Space crunch at Manchester United for homegrown players

  • Bihan Sengupta, Hindustan Times, Mumbai
  • Updated: Jul 30, 2016 17:30 IST
Northern Ireland’s Paddy McNair made eight Premier League appearance for Manchester United last season. (Getty Images)

A few days back, newly appointed Manchester United manager Jose Mourinho had arrived at a press conference with a list of 49 players he had handed debuts in his managerial career. The Portuguese coach, perhaps, should have carried another that stated how many he cleared out.

On Thursday, Mourinho indicated nine players, including World Cup winner Bastian Schweinsteiger, do not fit into his plans for the upcoming season and can either go out on loan or make a permanent move elsewhere. If that’s heartbreaking for a few, the more worrying factor should be that the rest in the list are all homegrown players.

The focus seems to be on immediate success than long-term plans. The eight, Tim Fosu-Mensah, Paddy McNair, Tyler Blackett, Cameron Borthwick-Jackson, Andreas Pereira, Adnan Januzaj, Will Keane and James Wilson had come in handy throughout last season with several senior players often sidelined in an injury-hit campaign.

In the documentary, The Class of ’92, Eric Haddison, who was the youth coach when Sir Alex Ferguson took over reins at the club, recalls how Ferguson had trebled the number of scouts within weeks after joining the Red Devils. “‘I’m not entirely satisfied with the youth system you know’, he told me straightaway looking at me with those steely eyes. When I told him we had signed players like Mark Hughes, he said that wasn’t enough.”

For most fans, a single FA Cup in the cabinet in three years is perhaps a worrying factor than what happens at the academy or with the homegrown players. However, it wouldn’t be the same if the names were David Beckham, Nicky Butt, Ryan Giggs, Gary Neville, Phil Neville and Paul Scholes. Fergie’s Fledglings, as they were known, were instrumental in making the club synonymous with winning trophies. Beckham, in fact, was sent out on loan to Preston in the 1994-95 season. But back in those days, managers didn’t send out players indicating they didn’t belong at the club. They were sent out to improve their game and come back.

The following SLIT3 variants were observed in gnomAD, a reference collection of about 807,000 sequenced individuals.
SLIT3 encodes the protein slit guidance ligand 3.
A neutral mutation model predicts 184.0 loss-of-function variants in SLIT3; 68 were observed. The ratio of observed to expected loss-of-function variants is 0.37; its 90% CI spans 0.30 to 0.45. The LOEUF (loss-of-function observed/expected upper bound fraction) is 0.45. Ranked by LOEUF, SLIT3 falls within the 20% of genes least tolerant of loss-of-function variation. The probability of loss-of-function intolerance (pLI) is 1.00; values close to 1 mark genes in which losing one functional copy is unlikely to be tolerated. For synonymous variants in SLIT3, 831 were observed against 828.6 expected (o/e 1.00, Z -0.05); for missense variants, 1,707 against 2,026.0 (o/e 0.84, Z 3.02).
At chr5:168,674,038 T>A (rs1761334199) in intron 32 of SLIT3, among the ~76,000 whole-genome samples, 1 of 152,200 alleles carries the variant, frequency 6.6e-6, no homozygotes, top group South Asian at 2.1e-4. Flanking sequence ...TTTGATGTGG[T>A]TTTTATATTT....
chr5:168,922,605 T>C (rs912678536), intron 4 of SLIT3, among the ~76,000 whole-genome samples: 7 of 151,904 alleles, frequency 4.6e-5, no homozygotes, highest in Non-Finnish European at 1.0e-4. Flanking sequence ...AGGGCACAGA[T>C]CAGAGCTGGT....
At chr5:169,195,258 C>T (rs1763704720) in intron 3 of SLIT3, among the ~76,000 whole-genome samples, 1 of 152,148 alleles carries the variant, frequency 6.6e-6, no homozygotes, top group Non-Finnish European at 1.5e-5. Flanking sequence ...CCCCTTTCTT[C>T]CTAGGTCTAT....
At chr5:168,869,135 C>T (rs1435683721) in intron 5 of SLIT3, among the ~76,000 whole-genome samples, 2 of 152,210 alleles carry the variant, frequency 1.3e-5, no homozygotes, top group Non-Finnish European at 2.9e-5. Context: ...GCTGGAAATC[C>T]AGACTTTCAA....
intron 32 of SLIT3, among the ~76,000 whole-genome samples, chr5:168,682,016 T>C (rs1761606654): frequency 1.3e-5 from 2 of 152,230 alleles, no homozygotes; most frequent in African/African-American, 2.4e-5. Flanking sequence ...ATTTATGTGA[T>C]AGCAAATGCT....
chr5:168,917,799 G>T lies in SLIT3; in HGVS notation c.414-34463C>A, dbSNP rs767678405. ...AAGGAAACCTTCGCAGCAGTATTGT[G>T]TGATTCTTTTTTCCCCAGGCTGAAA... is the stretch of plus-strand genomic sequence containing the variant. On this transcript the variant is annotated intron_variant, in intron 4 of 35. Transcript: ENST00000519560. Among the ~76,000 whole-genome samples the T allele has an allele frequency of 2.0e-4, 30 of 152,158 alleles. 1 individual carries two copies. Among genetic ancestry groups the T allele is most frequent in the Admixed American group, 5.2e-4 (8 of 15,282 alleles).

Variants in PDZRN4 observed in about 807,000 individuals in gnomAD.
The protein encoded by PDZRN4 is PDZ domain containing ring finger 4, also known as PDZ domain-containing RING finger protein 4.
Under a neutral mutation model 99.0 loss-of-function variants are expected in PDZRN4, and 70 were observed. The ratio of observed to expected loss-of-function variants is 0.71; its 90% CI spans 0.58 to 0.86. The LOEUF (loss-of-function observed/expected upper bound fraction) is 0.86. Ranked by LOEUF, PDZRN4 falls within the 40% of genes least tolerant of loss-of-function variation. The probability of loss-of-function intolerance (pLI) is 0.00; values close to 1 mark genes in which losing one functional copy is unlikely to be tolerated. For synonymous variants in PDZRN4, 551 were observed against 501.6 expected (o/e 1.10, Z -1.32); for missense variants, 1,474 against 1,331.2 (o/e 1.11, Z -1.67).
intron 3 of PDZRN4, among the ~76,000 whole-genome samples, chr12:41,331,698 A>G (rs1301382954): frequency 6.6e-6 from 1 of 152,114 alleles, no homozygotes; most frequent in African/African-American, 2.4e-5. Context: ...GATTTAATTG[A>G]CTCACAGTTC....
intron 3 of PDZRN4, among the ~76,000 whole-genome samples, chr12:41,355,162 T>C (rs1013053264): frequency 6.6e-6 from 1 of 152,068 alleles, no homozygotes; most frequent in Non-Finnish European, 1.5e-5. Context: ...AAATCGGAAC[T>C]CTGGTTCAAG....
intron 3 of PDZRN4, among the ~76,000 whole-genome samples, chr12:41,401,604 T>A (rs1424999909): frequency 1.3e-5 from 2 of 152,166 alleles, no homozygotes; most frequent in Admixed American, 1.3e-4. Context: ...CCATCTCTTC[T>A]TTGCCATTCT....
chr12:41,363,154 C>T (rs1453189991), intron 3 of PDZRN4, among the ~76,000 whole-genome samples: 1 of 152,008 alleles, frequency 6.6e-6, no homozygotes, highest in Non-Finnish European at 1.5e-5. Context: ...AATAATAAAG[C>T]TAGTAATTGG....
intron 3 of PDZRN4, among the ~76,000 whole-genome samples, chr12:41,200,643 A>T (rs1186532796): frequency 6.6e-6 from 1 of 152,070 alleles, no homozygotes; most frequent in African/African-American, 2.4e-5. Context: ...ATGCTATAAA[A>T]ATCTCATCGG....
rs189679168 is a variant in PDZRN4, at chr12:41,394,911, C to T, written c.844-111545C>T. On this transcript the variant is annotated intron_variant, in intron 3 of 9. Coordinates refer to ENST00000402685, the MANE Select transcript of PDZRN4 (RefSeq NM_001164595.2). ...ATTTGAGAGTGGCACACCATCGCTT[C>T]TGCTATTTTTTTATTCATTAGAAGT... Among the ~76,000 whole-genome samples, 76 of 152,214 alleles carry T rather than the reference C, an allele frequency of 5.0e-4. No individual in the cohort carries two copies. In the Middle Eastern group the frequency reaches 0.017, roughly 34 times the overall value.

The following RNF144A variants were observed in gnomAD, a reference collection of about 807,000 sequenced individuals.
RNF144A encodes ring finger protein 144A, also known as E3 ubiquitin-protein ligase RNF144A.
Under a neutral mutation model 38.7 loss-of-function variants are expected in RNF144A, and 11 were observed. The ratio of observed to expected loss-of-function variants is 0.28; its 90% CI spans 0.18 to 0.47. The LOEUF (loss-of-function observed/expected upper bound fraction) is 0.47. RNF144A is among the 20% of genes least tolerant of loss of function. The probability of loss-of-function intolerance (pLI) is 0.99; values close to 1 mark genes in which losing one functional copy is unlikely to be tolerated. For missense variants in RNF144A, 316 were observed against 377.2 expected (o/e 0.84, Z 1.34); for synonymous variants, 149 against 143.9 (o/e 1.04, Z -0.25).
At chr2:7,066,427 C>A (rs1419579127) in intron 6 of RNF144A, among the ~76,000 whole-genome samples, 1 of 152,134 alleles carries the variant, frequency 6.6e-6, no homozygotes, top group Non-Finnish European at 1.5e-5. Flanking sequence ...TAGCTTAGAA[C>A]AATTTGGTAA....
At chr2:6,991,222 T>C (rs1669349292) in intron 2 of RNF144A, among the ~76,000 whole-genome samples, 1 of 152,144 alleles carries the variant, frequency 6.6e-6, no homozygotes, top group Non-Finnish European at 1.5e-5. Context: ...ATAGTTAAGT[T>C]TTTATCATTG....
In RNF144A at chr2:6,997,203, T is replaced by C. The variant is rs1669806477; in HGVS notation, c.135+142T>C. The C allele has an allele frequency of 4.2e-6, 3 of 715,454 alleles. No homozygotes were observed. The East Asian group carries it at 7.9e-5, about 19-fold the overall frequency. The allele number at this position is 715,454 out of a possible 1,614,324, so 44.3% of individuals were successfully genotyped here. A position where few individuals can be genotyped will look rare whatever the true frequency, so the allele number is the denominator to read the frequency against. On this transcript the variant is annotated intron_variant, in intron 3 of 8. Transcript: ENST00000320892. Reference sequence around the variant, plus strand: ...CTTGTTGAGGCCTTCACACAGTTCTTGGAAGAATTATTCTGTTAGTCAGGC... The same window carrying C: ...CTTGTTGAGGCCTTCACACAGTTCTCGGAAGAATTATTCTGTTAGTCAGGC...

During his tenure, Louis Van Gaal handed out first team starts to 14 youngsters, including Marcus Rashford, who has become an instant hit and seems to have survived the axe.

From producing world-class footballers to chasing players who can earn them a medal, the club’s core structure has changed. A 34-year-old has been roped in to lead the attack in one of the fastest leagues in the world while £100 million has been coughed up to bring back a former academy player. The worrying factor is not about millions being spent behind good players; it’s that the club, which has an envious academic set up, is being sold to the modern transfer madness.

If there’s one thing Jose Mourinho can guarantee, it’s probably winning trophies. But at Manchester United, that’s probably not enough to be loved by all.

“There’s a certain mystique and romance about Manchester United that no other club can match,” said Mourinho after taking charge. Well, that’s probably what every new signing is expected to say.

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